In 1997, as Ubisoft is landing in Montreal’s Mile End neighbourhood, Jimmy Boulianne is 250 kilometres North-East of there, concluding his studies at the Université Laval in Quebec City.
The young graduate, who still dreams of the sound of the waves that marked his childhood spent even more North in the suburbs of Sept-Îles, receives his bachelors in electrical engineering, but what he’s really fascinated by is telecommunications.
“While I was studying for my bachelors, I was already programming,” he says. “I’m a self-taught programmer. From the earliest days, I’ve been sending packages; I’ve always had that passion for everything related to the internet and connection.”
And so Jimmy continues his telecommunications trek southward, to Montreal, where he works in the industry for a few years before joining Ubisoft Montréal in 2003.
“I’m a gamer. I found it interesting to pair up my passions and work with different profiles, to tap into more creativity.” He’s the third network programmer hired by the studio and the first to join the Splinter Cell: Chaos Theory (2005) team, a spy thriller that changed the course of stealth action in videogames.
“I was lucky,” he says. “Splinter remains one of the greatest games in the history of our studio. But to top that off, it’s one of the first online co-op multiplayer games. There was a lot of hype. We activated a new gaming experience that hadn’t existed before. We were the first.”
One thing leads to another and Jimmy purses a series of jobs at Ubisoft Montréal that allow him to deepen his expertise in the world of online videogames, from one generation of consoles to the next. In addition to Splinter Cell, he also contributes to the Rainbow Six and Assassin’s Creed brands, among others. In 2012, he is named Director of the Technology Group Online, an internal service dedicated to the technologies that connect our players amongst themselves and to Ubisoft’s online services.
“When you work in online, there are real needs that constantly evolve,” he says. “What I like about Ubi’s culture is that I’ve had the chance to take on a number of roles, to live many lives, and to innovate. We’re surrounded by opportunities.”
Fittingly, in 2016, just as Jimmy is presenting to Ubisoft’s senior management his project of creating a dedicated team for the development of the online experience, he discovers that Ubisoft has been seeking to invest regionally. The crossroads of ideas is serendipitous.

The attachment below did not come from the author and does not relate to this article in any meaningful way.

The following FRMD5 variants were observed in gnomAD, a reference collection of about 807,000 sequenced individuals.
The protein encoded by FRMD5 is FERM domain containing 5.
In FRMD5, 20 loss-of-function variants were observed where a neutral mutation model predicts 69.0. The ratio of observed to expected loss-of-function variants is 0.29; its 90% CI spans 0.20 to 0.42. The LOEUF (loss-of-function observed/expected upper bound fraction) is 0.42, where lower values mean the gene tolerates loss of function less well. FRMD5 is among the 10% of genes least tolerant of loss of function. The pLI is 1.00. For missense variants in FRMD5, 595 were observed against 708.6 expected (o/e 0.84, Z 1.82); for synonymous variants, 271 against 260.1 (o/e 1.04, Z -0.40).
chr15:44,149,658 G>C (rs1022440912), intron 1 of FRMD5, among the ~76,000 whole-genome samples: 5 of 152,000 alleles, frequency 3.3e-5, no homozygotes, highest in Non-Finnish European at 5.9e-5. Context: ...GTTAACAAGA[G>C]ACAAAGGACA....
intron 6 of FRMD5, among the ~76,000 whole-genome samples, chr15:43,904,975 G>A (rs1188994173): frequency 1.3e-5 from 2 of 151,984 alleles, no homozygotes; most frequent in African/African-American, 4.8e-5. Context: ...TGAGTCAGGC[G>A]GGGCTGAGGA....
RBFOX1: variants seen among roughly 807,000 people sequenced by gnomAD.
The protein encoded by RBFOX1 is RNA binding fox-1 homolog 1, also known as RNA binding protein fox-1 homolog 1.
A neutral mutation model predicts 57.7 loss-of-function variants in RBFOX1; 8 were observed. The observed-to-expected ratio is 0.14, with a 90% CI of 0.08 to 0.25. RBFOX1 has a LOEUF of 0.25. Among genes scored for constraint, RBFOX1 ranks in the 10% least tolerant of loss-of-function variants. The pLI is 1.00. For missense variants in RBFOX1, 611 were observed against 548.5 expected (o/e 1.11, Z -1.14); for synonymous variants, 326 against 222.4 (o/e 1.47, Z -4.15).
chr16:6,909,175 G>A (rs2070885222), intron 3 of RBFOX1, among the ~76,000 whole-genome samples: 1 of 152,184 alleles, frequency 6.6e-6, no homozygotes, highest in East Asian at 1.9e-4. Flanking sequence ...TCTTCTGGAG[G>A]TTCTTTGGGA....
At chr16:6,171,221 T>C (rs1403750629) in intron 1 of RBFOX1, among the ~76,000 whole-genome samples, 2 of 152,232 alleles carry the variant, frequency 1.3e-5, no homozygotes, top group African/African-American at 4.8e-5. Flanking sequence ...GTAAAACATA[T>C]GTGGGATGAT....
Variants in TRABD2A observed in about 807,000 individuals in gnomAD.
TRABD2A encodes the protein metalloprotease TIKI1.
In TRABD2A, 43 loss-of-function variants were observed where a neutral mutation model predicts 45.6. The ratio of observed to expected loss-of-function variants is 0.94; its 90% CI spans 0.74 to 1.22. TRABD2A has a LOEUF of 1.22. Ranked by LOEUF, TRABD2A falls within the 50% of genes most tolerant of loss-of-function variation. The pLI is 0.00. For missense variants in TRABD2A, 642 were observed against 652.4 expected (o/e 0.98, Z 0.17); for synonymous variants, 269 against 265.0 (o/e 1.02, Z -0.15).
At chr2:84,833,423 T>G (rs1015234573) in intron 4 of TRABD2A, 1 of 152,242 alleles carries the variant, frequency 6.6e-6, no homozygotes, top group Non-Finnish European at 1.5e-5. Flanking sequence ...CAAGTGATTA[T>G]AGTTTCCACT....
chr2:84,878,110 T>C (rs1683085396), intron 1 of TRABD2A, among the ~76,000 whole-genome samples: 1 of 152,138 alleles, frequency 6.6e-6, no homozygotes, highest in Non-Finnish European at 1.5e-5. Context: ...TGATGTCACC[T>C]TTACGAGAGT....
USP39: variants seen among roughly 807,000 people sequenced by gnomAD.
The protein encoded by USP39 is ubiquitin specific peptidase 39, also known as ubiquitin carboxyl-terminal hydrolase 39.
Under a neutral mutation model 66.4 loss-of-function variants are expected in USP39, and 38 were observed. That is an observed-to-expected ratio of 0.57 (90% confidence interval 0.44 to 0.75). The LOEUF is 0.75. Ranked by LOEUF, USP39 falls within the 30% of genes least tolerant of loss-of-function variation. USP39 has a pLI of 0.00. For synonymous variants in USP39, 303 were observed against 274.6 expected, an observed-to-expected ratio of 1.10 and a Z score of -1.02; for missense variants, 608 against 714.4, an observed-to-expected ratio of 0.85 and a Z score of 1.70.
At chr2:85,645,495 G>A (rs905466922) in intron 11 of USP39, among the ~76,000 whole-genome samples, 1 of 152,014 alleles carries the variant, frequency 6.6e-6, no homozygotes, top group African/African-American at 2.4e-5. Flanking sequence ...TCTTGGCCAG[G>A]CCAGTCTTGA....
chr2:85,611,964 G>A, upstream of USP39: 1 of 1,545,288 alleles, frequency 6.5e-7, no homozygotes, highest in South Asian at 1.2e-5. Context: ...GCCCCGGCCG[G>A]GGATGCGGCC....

“My father was always very proud of being a job creator,” says Jimmy. “I saw the satisfaction he felt, and I think I’d have been unhappy if I’d concluded my career without bringing the expertise I’ve acquired to the regions, contributing to the creation of good jobs.”
Then, choosing the Saguenay region was an easy decision.
“With this Ubisoft torch, I want to be able to innovate regionally,” he says. “The beauty of Saguenay is that there’s a university with good programmers, people with guts and passion, and a progressive dynamic. And on top of that, we have one of the most beautiful playgrounds just minutes from the city! Nature everywhere.
“We’re really not missing anything.”
Including the sound of the fjord’s waves.
Jimmy in 12 games
My first platformer, as we call them now, was probably Pitfall! for Atari. I loved the Indiana Jones feel. And I obviously have many memories of Frogger and Asteroids for Commodore VIC-20. I didn’t have access to arcades in Sept-Îles, so I played at my friends’.
The first game I was addicted to was Tetris for Nintendo. That’s a rental I renewed a lot.
Later, I discovered the King’s Quest, Space Quest and Leisure Suit Larry series by Sierra, as well as Sid Meyer’s Civilization. I’ve been a big fan of Civ since the early days.
Then, I still have two Donkey Kong Nintendo Game & Watch – we put batteries in them the other day and they still work!
These days, I’m playing Watch_Dogs 2, Rainbow Six Siege and Fallout 4. I like games that have rich worlds and deep progression systems – and lots of additional content to discover